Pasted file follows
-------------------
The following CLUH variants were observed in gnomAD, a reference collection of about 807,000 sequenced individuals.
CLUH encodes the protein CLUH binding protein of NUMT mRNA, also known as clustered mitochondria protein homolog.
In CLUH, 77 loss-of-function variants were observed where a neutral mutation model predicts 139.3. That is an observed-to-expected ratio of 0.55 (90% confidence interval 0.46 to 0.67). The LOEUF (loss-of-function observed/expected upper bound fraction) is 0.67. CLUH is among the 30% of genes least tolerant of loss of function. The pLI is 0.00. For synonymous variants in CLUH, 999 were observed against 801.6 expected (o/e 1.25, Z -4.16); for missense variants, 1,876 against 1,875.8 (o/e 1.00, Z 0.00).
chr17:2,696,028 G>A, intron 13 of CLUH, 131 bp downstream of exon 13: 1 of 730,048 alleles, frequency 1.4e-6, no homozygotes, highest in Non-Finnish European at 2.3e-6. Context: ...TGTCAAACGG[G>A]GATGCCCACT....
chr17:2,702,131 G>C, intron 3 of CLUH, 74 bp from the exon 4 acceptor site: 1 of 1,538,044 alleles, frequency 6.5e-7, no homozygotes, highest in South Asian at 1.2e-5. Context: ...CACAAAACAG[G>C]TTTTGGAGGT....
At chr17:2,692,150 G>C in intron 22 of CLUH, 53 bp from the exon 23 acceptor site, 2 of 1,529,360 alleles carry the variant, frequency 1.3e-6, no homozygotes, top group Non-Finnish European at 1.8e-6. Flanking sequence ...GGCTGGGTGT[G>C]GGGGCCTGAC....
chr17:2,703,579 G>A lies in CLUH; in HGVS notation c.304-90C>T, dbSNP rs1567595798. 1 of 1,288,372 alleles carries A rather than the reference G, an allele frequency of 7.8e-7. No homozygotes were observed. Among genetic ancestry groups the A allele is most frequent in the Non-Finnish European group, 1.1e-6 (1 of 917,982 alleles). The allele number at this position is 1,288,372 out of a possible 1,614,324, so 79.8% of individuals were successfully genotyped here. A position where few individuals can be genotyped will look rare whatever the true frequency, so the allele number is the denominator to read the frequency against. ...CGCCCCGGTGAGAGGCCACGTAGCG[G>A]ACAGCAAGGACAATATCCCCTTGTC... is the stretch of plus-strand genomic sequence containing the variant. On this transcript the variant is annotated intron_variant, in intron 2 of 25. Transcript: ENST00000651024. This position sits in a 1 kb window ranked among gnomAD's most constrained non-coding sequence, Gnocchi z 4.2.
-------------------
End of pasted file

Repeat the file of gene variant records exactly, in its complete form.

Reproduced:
The following CLUH variants were observed in gnomAD, a reference collection of about 807,000 sequenced individuals.
CLUH encodes the protein CLUH binding protein of NUMT mRNA, also known as clustered mitochondria protein homolog.
In CLUH, 77 loss-of-function variants were observed where a neutral mutation model predicts 139.3. That is an observed-to-expected ratio of 0.55 (90% confidence interval 0.46 to 0.67). The LOEUF (loss-of-function observed/expected upper bound fraction) is 0.67. CLUH is among the 30% of genes least tolerant of loss of function. The pLI is 0.00. For synonymous variants in CLUH, 999 were observed against 801.6 expected (o/e 1.25, Z -4.16); for missense variants, 1,876 against 1,875.8 (o/e 1.00, Z 0.00).
chr17:2,696,028 G>A, intron 13 of CLUH, 131 bp downstream of exon 13: 1 of 730,048 alleles, frequency 1.4e-6, no homozygotes, highest in Non-Finnish European at 2.3e-6. Context: ...TGTCAAACGG[G>A]GATGCCCACT....
chr17:2,702,131 G>C, intron 3 of CLUH, 74 bp from the exon 4 acceptor site: 1 of 1,538,044 alleles, frequency 6.5e-7, no homozygotes, highest in South Asian at 1.2e-5. Context: ...CACAAAACAG[G>C]TTTTGGAGGT....
At chr17:2,692,150 G>C in intron 22 of CLUH, 53 bp from the exon 23 acceptor site, 2 of 1,529,360 alleles carry the variant, frequency 1.3e-6, no homozygotes, top group Non-Finnish European at 1.8e-6. Flanking sequence ...GGCTGGGTGT[G>C]GGGGCCTGAC....
chr17:2,703,579 G>A lies in CLUH; in HGVS notation c.304-90C>T, dbSNP rs1567595798. 1 of 1,288,372 alleles carries A rather than the reference G, an allele frequency of 7.8e-7. No homozygotes were observed. Among genetic ancestry groups the A allele is most frequent in the Non-Finnish European group, 1.1e-6 (1 of 917,982 alleles). The allele number at this position is 1,288,372 out of a possible 1,614,324, so 79.8% of individuals were successfully genotyped here. A position where few individuals can be genotyped will look rare whatever the true frequency, so the allele number is the denominator to read the frequency against. ...CGCCCCGGTGAGAGGCCACGTAGCG[G>A]ACAGCAAGGACAATATCCCCTTGTC... is the stretch of plus-strand genomic sequence containing the variant. On this transcript the variant is annotated intron_variant, in intron 2 of 25. Transcript: ENST00000651024. This position sits in a 1 kb window ranked among gnomAD's most constrained non-coding sequence, Gnocchi z 4.2.